A Treasure Trove of Short Stories


A Treasure Trove of Short Stories is a wonderful collection of short stories for the ICSE Syllabus of 2011-2012. This collection contains stories of a variety of themes and includes authors from all over the world. The stories are gripping no doubt, nut studied properly they are also a great tool for learning the English language in all its grandeur and variety.

Target ICSE brings to you a complete online guidebook for A Treasure Trove of Short Stories. Each story is studied in a fresh approach. This includes summary, setting, title, characters and characterization, glossary, meanings of difficult words and phrases, ICSE pattern work book with solved and unsolved questions.

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  • Rikki-Tikki-Tavi - Rudyard Kipling

    Rikki Tikki Tavi

    Rikki-Tikki-Taviis an all time popular short story in The Jungle Book by Rudyard Kipling about the adventures of a brave young mongoose which kills a snake to save a little boy.

    Rikki-Tikki-Tavi is a favourite of Kipling fans. The frightening and serious tone of the story is notable.

    There are some epic features in this story such as heightened prosaic style, songs to the hero. It has often been anthologized and has also been published for a number of times as a short book in its own right.

  • An Astrologer's Day - R. K. Narayan

    Astrologer's Day

    The Story - An Astrologer's Day is set in the fictional town of Malgudi, and tells the story of one of its inhabitants, an astrologer.

    The story is set against the backdrop one evening as the main protagonist the astrologer prepares to leave for home. But this does not prove to be any ordinary day for this evening he meets a special customer. His interaction with the customer and the consequences of that form the action of the story.

    It is at the same time a comic as well as a suspenseful story that is bound to impress upon the reader.

  • Dusk - Saki (H.H. Munro)


    Dusk is a wonderful short story with a perfect twist in the tale that leaves the reader not only amazed but also thoughtful.

    The story is set against the backdrop of dusk- the hour when evening melts into darkness. The protagonist is Norman Gortsby, a rather pessimistic and cynical man. The story is narrated by an omniscient narrator who knows what is going on in Gortsby's mind. Thus dusk is portrayed as the hour of the defeated - mitigated as it is by the engulfing darkness. The incident of the story is small but is an enthralling one.

  • The Postmaster - Rabindranath Tagore


    The Postmaster is a touching and wonderfully poignant story of human relationships. It narrates the plight of a young girl Ratan who becomes emotionally attached to the Postmaster whom she serves as a household help. This orphaned girl begins to look on him as an elder brother, but alas this bond proves tragical for her young heart.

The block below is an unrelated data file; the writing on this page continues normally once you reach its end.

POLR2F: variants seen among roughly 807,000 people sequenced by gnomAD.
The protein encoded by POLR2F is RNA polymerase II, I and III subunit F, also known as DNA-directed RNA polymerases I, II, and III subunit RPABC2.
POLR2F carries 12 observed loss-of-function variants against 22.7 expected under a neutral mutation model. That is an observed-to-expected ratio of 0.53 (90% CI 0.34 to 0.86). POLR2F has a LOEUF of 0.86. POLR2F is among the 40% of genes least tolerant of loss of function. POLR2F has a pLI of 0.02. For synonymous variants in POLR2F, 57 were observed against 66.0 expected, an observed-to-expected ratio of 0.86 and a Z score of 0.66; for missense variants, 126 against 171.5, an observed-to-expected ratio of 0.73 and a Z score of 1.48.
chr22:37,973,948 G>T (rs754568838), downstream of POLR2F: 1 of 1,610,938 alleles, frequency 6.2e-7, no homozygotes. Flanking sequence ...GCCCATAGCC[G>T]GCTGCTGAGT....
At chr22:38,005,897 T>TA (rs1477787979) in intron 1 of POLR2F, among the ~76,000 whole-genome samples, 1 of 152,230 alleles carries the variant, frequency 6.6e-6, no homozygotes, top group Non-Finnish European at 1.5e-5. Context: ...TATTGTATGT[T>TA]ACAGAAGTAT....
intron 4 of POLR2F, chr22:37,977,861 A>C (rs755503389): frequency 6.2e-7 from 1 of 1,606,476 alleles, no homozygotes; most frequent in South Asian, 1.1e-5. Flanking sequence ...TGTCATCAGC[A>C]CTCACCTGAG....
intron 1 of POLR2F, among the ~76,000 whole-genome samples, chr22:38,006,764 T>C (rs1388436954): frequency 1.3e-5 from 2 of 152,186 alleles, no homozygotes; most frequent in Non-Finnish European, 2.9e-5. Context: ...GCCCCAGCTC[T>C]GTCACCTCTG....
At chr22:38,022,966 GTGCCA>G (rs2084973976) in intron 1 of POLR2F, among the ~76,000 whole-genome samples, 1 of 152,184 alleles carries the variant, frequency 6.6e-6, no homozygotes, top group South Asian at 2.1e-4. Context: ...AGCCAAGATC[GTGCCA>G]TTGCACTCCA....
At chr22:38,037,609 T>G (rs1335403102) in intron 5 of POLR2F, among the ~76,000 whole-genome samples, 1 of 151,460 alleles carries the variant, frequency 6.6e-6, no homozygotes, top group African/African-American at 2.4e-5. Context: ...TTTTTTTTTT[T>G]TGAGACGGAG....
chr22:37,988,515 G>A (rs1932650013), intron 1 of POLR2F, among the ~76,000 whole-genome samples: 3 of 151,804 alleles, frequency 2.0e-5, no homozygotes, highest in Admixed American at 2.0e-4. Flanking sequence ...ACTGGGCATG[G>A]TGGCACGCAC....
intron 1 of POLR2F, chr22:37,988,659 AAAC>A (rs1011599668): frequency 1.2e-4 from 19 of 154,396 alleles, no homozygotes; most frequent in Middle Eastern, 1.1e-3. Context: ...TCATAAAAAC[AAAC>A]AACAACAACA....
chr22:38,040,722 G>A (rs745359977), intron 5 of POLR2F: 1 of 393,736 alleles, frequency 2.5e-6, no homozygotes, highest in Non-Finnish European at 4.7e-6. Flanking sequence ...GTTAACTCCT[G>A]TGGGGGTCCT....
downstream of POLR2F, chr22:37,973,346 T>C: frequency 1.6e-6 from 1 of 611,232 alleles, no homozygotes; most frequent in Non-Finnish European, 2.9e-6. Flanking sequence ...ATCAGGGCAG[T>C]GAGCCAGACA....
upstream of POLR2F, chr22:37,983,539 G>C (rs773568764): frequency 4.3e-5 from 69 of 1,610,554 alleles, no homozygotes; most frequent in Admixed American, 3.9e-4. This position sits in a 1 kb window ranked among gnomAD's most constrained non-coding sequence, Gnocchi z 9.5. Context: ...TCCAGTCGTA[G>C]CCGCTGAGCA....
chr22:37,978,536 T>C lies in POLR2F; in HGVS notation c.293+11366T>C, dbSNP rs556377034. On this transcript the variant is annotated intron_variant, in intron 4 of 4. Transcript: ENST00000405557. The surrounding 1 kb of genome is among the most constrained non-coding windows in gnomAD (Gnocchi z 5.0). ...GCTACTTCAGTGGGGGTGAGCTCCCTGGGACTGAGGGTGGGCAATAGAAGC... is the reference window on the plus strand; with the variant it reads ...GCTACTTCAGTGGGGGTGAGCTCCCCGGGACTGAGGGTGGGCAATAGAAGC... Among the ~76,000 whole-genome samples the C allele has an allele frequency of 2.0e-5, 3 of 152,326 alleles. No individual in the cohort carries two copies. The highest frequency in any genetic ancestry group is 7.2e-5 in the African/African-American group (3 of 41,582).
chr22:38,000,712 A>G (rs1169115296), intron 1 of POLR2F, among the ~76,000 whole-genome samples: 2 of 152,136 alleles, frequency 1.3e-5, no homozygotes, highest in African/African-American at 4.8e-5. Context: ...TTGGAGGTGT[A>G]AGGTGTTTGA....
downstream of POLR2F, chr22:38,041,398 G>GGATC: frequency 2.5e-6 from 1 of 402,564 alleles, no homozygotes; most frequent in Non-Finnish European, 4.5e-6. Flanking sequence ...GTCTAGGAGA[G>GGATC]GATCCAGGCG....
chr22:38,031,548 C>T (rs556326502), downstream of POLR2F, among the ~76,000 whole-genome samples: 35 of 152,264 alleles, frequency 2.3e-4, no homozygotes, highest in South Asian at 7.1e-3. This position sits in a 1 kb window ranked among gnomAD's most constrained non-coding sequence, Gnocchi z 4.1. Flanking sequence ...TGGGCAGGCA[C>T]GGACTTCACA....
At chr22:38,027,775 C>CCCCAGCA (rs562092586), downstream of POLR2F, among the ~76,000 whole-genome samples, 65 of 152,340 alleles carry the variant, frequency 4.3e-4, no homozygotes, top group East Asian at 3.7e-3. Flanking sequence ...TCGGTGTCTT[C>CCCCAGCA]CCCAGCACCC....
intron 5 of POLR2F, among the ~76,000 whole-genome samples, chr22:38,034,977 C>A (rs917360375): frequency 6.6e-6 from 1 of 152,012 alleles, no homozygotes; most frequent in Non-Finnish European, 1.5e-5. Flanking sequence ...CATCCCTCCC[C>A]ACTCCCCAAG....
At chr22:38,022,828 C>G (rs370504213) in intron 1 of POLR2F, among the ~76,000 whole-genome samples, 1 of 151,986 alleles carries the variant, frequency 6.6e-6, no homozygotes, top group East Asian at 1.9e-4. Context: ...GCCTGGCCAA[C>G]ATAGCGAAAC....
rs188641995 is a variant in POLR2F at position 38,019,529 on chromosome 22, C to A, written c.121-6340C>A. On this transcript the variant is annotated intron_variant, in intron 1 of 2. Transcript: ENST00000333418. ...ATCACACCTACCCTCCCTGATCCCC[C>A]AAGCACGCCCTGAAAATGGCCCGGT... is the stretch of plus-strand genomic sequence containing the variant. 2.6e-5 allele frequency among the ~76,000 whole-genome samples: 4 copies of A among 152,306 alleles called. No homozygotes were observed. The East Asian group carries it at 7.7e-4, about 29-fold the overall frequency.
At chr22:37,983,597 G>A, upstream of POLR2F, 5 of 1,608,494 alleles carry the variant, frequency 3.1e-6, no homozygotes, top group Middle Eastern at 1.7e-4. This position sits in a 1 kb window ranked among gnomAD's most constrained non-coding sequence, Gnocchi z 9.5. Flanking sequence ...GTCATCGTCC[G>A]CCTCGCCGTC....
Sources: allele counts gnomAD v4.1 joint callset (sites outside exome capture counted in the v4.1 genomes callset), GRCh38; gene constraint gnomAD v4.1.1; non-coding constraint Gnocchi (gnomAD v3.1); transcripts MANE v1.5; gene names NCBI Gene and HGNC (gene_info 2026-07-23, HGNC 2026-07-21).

When the postmaster resigns his job, unable to adjust his city bred self with the village surroundings, young Ratan is left to pine away. Set at a time when society was not prepared to accept relationships that had no conventional name or ties of kinship, the beautiful relationship of Ratan and her
    dadababu is destined to end abruptly. Nevertheless, the innocent love and affection of Ratan, and her heartrending loneliness cannot fail to touch a chord in every reader's mind.

  • How Much Land Does A Man Require? - Leo Tolstoy

    How Much Land Does a Man Need?

    This story was written in 1905, the time when the Russian peasants had newly gained freedom and the right to buy land.

    This is a story about a small farmer, Pakhom who lives a simple and uneventful life by tilling land and paying huge taxes for it because he is not a land owner. Once being provoked by the conversations of his wife and her sister (who lives in the city and thus has a comfortable life), he boasts that once he has enough land he would care for no one, not even the devil himself. The Devil decides to challenge him by giving him enough land and then taking it away from him. The story tells the tale of how Pakhom acquires more and more land until his greed for more leads to his tragic end.

  • The Tiger in the Tunnel - Ruskin Bond

    The Tiger in the Tunnel

    The Tiger in the Tunnelis a touching story of the extraordinary courage of ordinary men, who remain oblivious to the world despite their acts of heroism. It tells the story Baldeo, a signalman at a small station, who dies fighting with the deadly tiger. The same responsibility now falls on Tembu, the eight year old son of Baldeo. Tembu has little time to mourn his father's death for he had to earn a living for supporting his family. Thus life goes on, uninterrupted by the great tragedies that befall.

    The Tiger in the Tunnelis a story of courage and responsibility. This is a story that knocks on the conscience of people who grumble about their life.

  • The Umbrella Man - Roald Dahl

    The Umbrella Man

    The Umbrella Manis a smart and witty story about a clever old man who earns his whiskey in a rather ingenious manner. The story is told from the point of view of a twelve year old girl who starts out by thinking greatly of her mother's judgmental qualities but is forced to re-think the same when her mother is out smarted by the clever old man.
    The events stretch a short span of time on a certain rainy afternoon. Like a typical short story, there is a twist in the tale that leaves the narrator and her mother stunned and the reader amused.

  • Girls - Mrinal Pande

    Girls - Mrinal Pande